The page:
Published on March 6, 2013 at 6:17 AM
"No one working in the aid community in recent years could have avoided the buzzword 'resilience' -- but what does the term mean practically and how has it helped shape action on the ground?" IRIN asks in one of a "series of articles exploring what resilience means for vulnerable communities, and its impact on the architecture of aid." The article examines a number of definitions of the concept and writes, "Resilience can potentially act as a bridge between emergency response and long-term development aid, tackling the vulnerabilities that make people susceptible to shocks," but "there remains confusion over who should be more responsible -- humanitarian workers providing immediate relief in a crisis or longer-term development actors" (3/4). In a related analysis, the news service examines the concept of resilience in the Sahel, where "[d]onors are starting to shift their approach, notably the Sahel's biggest humanitarian donors European aid body ECHO and the U.S. Agency for International Development (USAID), but development donors remain behind, and donor fatigue means vulnerable Sahelians this year risk missing out on emergency aid, let alone aid to build their resilience" (3/4).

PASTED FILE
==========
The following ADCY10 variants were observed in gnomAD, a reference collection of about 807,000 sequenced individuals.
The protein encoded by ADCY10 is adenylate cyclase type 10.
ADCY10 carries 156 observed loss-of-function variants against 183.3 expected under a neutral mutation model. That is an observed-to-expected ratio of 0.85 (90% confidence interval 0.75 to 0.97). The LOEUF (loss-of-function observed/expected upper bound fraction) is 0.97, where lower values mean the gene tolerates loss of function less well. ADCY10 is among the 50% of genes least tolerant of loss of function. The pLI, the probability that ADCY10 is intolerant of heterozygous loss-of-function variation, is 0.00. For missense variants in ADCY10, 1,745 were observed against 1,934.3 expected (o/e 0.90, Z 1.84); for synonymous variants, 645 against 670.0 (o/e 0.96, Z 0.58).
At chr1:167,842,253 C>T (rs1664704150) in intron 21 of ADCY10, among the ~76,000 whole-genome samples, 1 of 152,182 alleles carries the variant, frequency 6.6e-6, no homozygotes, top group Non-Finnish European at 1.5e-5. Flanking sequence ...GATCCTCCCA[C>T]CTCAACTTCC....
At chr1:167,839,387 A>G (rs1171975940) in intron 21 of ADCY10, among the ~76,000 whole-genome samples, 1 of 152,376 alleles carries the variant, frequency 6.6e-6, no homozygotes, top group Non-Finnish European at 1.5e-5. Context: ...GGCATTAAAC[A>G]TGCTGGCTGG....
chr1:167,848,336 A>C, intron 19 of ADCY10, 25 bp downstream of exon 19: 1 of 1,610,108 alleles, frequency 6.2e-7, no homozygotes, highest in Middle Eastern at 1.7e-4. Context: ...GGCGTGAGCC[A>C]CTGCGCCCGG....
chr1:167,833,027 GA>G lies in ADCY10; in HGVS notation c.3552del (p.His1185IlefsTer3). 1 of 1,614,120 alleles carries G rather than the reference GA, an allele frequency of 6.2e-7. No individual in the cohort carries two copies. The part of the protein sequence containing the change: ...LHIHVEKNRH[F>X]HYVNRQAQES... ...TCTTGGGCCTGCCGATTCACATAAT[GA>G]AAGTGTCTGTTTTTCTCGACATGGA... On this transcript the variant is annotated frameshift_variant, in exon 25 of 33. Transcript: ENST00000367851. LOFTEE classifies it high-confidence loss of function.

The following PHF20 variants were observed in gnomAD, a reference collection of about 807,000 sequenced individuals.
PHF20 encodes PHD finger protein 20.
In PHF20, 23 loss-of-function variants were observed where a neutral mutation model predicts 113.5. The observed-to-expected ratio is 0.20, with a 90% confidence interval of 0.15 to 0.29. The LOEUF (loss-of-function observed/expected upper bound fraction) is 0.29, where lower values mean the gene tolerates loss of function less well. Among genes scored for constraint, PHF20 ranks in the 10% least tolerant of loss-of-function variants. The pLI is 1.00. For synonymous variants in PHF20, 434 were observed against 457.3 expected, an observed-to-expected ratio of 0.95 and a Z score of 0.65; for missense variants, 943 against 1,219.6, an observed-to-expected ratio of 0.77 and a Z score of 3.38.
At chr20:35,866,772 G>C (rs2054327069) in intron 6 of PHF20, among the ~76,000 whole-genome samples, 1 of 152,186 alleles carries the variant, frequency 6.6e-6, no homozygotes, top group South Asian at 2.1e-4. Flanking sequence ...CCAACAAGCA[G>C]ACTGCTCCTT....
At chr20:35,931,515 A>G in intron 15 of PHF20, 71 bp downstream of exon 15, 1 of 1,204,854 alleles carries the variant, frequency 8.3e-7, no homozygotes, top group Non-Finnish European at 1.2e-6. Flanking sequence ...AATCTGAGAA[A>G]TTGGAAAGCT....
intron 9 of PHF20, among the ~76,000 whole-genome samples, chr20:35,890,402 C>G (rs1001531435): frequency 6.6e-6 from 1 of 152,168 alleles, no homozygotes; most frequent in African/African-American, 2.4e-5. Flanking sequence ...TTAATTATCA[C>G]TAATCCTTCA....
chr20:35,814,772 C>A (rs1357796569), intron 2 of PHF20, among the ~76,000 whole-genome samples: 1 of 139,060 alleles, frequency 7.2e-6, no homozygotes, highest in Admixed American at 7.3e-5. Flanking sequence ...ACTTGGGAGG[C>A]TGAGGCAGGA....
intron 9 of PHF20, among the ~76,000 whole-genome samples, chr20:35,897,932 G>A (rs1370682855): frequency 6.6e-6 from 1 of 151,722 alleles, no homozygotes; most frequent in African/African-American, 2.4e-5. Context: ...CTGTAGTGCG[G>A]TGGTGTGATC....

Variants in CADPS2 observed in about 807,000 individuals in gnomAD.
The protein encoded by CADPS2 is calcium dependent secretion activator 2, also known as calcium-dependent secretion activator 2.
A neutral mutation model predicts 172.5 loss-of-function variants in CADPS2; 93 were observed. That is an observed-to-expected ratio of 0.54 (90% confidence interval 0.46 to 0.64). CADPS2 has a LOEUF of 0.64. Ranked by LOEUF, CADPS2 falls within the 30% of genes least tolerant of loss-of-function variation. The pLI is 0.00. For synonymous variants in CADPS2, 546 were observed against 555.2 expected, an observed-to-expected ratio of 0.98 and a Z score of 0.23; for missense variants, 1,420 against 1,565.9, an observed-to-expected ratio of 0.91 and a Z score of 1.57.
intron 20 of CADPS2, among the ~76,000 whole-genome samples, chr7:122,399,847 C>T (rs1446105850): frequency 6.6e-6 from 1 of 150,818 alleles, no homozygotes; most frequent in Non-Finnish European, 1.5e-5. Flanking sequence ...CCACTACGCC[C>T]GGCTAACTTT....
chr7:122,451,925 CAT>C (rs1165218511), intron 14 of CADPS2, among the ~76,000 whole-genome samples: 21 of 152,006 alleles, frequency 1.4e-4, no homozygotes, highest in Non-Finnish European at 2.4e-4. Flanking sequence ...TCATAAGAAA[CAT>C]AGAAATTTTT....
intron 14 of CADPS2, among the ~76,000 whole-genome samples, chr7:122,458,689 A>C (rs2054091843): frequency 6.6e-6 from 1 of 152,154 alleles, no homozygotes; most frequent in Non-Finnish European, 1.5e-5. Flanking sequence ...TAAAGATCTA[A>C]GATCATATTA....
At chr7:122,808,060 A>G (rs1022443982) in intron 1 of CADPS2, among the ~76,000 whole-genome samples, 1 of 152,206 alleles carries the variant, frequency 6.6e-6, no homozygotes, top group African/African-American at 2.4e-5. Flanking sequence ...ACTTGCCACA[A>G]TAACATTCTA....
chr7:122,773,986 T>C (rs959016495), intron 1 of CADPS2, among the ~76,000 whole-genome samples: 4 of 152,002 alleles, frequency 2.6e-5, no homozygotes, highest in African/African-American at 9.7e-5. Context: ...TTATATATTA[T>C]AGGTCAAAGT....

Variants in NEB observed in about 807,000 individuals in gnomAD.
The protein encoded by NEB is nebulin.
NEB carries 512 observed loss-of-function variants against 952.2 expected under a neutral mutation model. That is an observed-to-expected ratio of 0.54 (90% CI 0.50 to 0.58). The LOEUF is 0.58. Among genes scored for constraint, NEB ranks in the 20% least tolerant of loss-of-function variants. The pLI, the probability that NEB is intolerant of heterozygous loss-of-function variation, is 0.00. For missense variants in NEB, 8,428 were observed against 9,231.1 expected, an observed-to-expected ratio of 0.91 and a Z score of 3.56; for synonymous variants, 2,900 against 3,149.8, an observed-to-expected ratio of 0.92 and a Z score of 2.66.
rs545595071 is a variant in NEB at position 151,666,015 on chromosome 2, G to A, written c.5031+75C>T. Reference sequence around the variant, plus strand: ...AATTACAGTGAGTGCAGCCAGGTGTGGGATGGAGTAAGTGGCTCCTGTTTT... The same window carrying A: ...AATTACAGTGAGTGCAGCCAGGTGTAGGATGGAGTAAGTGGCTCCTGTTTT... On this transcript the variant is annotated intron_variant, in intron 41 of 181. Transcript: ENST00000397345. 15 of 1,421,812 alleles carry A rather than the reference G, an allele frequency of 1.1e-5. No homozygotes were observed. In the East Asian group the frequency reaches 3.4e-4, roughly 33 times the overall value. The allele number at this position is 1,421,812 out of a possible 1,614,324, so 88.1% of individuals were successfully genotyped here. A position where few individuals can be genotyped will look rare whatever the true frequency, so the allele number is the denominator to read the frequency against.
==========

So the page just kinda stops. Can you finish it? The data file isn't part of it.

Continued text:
This article was reprinted from kaiserhealthnews.org with permission from the Henry J. Kaiser Family Foundation. Kaiser Health News, an editorially independent news service, is a program of the Kaiser Family Foundation, a nonpartisan health care policy research organization unaffiliated with Kaiser Permanente.